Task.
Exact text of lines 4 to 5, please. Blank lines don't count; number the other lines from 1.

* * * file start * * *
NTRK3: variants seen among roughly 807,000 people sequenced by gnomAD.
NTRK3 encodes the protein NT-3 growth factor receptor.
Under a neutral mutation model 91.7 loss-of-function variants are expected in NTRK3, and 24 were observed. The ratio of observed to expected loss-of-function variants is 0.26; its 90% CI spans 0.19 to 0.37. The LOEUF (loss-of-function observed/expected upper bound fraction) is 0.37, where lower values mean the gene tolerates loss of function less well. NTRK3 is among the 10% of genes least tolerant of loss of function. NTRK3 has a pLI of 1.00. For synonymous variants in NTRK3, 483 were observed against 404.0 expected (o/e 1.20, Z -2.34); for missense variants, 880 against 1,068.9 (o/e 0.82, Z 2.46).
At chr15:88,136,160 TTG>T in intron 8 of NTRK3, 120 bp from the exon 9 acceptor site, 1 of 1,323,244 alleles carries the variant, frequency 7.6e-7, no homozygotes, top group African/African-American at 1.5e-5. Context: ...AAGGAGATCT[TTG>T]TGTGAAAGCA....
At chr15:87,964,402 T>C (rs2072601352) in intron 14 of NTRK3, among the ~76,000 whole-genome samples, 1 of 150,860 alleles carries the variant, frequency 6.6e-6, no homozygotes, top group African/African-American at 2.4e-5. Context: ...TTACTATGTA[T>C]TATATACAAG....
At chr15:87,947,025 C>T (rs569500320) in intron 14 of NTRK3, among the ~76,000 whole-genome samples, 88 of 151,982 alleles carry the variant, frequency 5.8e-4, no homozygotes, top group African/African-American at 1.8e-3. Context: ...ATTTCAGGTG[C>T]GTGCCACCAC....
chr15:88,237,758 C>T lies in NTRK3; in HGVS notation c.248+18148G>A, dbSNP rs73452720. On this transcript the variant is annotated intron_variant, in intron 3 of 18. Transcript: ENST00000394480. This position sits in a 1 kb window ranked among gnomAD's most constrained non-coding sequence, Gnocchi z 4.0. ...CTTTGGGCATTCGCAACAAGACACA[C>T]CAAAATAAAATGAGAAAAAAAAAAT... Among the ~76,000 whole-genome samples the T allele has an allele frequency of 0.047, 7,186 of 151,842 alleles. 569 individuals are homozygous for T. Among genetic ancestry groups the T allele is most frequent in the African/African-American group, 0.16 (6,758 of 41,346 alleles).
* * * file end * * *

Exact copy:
At chr15:88,136,160 TTG>T in intron 8 of NTRK3, 120 bp from the exon 9 acceptor site, 1 of 1,323,244 alleles carries the variant, frequency 7.6e-7, no homozygotes, top group African/African-American at 1.5e-5. Context: ...AAGGAGATCT[TTG>T]TGTGAAAGCA....
At chr15:87,964,402 T>C (rs2072601352) in intron 14 of NTRK3, among the ~76,000 whole-genome samples, 1 of 150,860 alleles carries the variant, frequency 6.6e-6, no homozygotes, top group African/African-American at 2.4e-5. Context: ...TTACTATGTA[T>C]TATATACAAG....